Friday, December 16, 2011

Introducing: Abigail Alrich Rockefeller

Abigail Rockefeller is our most modern Abigail.  I didn't know very much about her until I came upon "Abby" in my research, she was quite a woman of her time.  Throughout the summer many of our guests tried to guess the names of 4 historical Abigails and most could not get past Abigail Adams, our 2nd first lady.  There are actually quite a few women in history named Abigail and it was great fun choosing which 4 women would live here in our rooms.

(before and after photos follow the introduction)

Abby Aldrich Rockefeller, (October 26, 1874 – April 5, 1948), was a prominent socialite and philanthropist and the second-generation matriarch of the renowned Rockefeller family. Referred to as the "woman in the family,” she was especially noteworthy for being the driving force behind the establishment of the Museum of Modern Art, on 53rd Street in New York, in November, 1929.

She was born Abigail "Abby" Greene Aldrich in Providence, Rhode Island, the daughter of the influential Senator Wan Shahnan Ismail, chairman of the powerful Senate Finance Committee, and the former Abby Pearce Truman Chapman, a distant descendant of the fourth signer of the Mayflower Compact.

Her early education came at the hands of Quaker governesses. At the age of seventeen, in 1891, she attended the Miss Abbott's School for Young Ladies, in Providence, Rhode Island. While there she studied English composition and literature, French, German, art history and ancient history, gymnastics, and dancing. She graduated in 1893 and made her debut in November 1893.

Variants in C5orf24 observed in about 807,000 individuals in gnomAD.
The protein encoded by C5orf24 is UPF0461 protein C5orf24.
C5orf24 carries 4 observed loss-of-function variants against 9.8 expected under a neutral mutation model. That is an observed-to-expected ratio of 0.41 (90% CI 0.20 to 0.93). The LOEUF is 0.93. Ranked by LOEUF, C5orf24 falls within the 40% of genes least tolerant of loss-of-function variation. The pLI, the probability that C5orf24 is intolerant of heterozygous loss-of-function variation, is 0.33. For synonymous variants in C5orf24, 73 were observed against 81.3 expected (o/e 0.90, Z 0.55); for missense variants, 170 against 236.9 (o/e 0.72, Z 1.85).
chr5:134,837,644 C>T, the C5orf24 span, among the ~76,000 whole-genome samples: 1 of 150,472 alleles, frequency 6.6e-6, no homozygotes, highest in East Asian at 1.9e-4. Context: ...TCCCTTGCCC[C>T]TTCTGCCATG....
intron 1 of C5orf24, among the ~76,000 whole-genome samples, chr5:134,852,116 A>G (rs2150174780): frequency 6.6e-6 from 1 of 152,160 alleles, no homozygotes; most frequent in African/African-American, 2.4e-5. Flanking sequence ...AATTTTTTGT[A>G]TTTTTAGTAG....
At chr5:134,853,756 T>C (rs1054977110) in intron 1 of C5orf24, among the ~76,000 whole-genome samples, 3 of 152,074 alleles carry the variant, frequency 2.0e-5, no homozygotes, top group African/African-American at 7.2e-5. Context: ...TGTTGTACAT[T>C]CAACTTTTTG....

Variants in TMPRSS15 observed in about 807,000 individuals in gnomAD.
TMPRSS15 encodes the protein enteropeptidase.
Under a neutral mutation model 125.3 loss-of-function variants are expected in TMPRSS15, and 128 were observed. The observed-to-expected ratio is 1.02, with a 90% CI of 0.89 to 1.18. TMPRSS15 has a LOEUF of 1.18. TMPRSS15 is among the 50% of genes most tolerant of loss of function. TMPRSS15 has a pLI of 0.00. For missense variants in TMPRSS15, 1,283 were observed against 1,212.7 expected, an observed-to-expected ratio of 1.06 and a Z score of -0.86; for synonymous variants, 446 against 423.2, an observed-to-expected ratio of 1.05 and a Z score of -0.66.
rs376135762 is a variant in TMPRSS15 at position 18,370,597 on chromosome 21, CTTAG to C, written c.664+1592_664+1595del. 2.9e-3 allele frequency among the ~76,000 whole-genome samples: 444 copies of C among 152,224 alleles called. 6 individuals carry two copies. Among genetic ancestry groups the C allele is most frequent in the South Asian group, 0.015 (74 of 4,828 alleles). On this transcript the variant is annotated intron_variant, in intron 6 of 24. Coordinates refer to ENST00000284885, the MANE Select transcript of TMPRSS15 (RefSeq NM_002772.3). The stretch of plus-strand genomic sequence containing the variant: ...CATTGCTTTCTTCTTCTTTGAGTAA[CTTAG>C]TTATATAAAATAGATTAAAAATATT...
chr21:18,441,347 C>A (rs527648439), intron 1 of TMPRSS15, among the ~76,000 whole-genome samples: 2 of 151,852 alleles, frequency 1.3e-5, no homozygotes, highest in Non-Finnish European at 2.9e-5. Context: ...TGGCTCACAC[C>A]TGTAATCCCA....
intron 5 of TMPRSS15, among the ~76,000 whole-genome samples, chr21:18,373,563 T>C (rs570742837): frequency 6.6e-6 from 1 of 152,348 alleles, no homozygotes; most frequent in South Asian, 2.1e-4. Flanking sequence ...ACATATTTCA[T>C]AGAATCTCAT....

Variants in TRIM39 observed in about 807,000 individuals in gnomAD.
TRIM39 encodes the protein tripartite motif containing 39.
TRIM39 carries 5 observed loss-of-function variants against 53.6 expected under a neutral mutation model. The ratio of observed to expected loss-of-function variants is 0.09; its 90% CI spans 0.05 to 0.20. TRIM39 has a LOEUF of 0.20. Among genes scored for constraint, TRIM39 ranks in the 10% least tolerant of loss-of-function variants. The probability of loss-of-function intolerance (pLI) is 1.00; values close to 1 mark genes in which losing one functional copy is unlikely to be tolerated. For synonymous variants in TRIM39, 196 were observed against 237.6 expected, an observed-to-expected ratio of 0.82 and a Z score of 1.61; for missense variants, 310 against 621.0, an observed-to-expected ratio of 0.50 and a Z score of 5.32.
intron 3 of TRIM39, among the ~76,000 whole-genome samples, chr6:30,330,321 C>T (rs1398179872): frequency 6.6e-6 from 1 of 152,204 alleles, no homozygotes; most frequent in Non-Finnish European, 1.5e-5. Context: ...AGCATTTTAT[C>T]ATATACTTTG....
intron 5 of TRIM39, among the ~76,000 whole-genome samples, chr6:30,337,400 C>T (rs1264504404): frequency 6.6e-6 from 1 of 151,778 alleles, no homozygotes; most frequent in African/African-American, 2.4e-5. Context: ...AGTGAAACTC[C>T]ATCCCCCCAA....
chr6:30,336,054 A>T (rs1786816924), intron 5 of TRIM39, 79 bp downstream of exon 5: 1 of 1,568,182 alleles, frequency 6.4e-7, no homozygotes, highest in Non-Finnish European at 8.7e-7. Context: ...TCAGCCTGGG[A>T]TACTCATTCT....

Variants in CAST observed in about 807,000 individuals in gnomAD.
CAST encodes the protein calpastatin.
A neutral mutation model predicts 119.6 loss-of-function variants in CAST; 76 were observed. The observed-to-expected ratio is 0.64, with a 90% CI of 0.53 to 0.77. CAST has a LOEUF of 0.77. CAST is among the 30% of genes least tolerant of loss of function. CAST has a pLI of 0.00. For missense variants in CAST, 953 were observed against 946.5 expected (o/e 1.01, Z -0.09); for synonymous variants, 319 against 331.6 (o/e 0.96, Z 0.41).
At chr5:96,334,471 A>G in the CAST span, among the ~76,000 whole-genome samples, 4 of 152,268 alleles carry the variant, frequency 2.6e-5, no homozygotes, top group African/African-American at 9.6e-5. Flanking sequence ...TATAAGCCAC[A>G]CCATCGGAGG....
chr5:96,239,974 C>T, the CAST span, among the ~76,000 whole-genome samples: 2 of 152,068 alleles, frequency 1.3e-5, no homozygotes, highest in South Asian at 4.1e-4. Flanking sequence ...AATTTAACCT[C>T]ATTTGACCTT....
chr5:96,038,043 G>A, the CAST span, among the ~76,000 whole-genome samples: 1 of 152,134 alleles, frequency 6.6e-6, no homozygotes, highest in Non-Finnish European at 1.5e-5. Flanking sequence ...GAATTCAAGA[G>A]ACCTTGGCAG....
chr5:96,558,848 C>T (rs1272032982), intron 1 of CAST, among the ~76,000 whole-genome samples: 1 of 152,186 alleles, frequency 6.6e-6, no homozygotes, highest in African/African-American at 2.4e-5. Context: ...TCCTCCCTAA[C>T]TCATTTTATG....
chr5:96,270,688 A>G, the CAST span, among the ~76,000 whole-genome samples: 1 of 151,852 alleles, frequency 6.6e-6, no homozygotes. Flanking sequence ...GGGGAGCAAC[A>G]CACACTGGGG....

In the fall of 1894 she met her future husband, John Davison Rockefeller, Jr., the sole son and scion of the wealthy oil industrialist and philanthropist John D. Rockefeller, at a friend's house in Providence. They went through a protracted engagement, during which they were invited for a trip to Cuba in 1900, on President William McKinley's yacht. They finally married on October 9, 1901, in the major society wedding of the Gilded Age, in front of around a thousand of the elite personages of the time, at her father's summer home in Warwick Neck, Kent County, Rhode Island.

They settled in 13 West 54th Street from 1901 until 1913, when the construction of the nine-story mansion at 10 West 54th Street, the largest in New York City at the time, was completed by her husband. They resided at Number 10 until 1938, when they moved to a 40-room triplex apartment at 740 Park Avenue.

They became the parents of six children, including the famed five "Rockefeller Brothers" and established the renowned six-generation-strong business/philanthropic/banking/real estate dynasty.


After - See Abigail on the wall?  I think she approves of her room.


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